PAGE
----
I had the surprising pleasure of spending most of the weekend at a small Louisiana Pagan festival put on by the Coven of the Gryphon Wiccan Church in Springfield Louisiana (i.e. out in the middle of freaking nowhere Louisiana…aka, the swamp). It wasn’t surprising in that I didn’t realize I would be there, we had known for several weeks. My S.O. was going to perform and we wanted to check out local Pagans.
I had absolutely no idea what sort of festival we were going to walk into. In Ohio, I was spoiled with a plethora of extremely well-known and very large Pagan festivals. Louisiana on the other hand, isn’t known for its Pagan festivals. You can see where I might have been worried; I had horrific images of your typical stereotype Rednecks gathered with their beer cozies, talking about the Goddess as they cleaned their guns. (Not that there is anything wrong with gun ownership! I am, after all, a lifetime member of the NRA myself!)
On Facebook I asked, “Question of the night: What do Louisiana rednecks wear to a Pagan festival?”
The answers that I received were: “Camouflage ritual robes with alligator boots…” and “Overalls with pagan flare buttons”.
And as I was only semi kidding, I think they were only sorta serious too…
Luckily, I found the complete opposite. It was a wonderful little festival all around. It was one of the most beautiful and well cared for camp grounds that I’ve ever been on. The festival itself, held at the “Gryphon’s Nest”, was very small. But the man who ran the event, who had been described to us as the “nicest Pagan you’ll ever meet”, turned out to actually BE the “nicest Pagan you’ll ever meet”.
Mama Madison was there, along with several other Voodoo Houses. Oddly enough, considering that I live in New Orleans, I forget about the prevalence of Voodoo down here. I forget that a majority of the Pagan community here is probably Voodoo. My impressions of the New Orleans Voodoo community is that they do their best to keep the stupid tourists away, at least away from actual Voodoo gatherings. And who could blame them? I’m sure a lot of the people who visit us want to see “real” voodoo, and that they drive our Voduns up the walls, literally and figuratively. So it’s not often that I am confronted by actual Voduns. Unless you are a member of the community here, you probably aren’t just going to find yourself in a gathering of real Voodoo practitioners in New Orleans itself. (Again, this is the view of someone who hasn’t sought out the Voodoo community here at all.)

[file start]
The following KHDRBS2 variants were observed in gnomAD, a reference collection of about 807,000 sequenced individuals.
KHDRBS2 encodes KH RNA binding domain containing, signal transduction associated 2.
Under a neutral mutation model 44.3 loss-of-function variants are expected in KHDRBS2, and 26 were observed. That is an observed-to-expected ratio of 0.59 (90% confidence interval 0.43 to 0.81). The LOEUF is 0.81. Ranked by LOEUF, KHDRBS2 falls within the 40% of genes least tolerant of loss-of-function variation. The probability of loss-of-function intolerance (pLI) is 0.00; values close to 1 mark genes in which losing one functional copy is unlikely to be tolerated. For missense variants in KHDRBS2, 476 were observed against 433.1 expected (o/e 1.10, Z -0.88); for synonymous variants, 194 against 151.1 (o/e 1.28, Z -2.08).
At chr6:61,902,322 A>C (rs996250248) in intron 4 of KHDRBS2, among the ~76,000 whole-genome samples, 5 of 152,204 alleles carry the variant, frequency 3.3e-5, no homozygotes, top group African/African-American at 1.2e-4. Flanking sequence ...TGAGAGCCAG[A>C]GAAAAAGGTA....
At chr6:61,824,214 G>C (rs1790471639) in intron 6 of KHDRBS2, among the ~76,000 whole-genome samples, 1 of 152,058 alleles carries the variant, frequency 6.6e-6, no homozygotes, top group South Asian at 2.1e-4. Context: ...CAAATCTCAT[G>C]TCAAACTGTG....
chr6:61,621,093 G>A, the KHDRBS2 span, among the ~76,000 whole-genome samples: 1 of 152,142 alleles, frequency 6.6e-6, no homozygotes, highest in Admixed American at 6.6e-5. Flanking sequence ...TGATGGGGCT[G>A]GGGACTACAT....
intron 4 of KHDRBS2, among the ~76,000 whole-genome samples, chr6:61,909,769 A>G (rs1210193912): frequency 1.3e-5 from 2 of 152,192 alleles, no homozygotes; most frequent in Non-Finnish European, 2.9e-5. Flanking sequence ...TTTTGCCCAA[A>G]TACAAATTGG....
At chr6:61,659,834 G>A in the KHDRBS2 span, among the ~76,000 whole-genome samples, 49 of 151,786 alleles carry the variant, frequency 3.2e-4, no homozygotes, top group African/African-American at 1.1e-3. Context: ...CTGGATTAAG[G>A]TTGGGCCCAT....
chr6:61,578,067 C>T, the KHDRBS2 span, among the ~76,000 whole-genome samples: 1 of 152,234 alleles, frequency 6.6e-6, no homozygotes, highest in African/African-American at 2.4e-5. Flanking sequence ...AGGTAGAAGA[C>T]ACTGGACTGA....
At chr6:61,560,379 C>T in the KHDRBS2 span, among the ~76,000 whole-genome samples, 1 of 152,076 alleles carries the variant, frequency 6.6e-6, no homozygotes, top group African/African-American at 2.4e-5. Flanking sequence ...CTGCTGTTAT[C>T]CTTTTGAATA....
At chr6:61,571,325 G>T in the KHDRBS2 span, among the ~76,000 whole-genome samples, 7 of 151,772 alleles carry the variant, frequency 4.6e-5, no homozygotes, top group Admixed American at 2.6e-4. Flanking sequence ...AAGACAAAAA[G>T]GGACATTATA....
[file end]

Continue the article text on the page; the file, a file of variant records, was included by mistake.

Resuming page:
I really don’t know much about Voodoo, but then it’s a practice that I’ve never been called too. To me, Voodoo is extremely visceral. When I’m around practitioners of Voodoo, my skin crawls, though not in repulsion. The sort of magic that they seem to practice is always right there. In Wicca, most people seek out their Gods. In Voodoo (from an outsiders perspective at least) this isn’t always the case. It is a very alien culture from what I’m used to. On many levels, because it makes me so uncomfortable, I avoid it.
But let me tell you, when you are out in the middle of the Louisiana Swamp, in the extreme darkness of a hot, muggy Creole night, and Mama Madison’s voice is wailing through the darkness, there is no way to avoid the knowledge that Voodoo is alive and well in Louisiana and is still, very much, a living, breathing, growing religion.
There were a lot of other things going on at this little festival as well. Paul Beyerl, one of the foremost experts on magical herbalogy presented workshops, as did Amber K and Azrael Arynn K, who have written a lot of books on Paganism and Wicca. In fact, Amber K was the first officer of CoG for three years, a major Wiccan network. Kenny Klein, well-known Pagan musician and author presented a concert and a workshop. Louis Martinie was also there, well-known drummer, tarot card creator and voodoo author. Mama Madison and Spiral Rhythm from PA performed the big concert Saturday night.
Overall it was a wonderful little Pagan festival that deserves much greater attendance. If you get the opportunity, you should definitely check it out.
And P.S. – Always take bug spray with you to the swamp! I learned this one the HARD way.
These are things you find in Louisiana swamps...an alligator eating a smaller alligator at the Jean Lafitte National Park.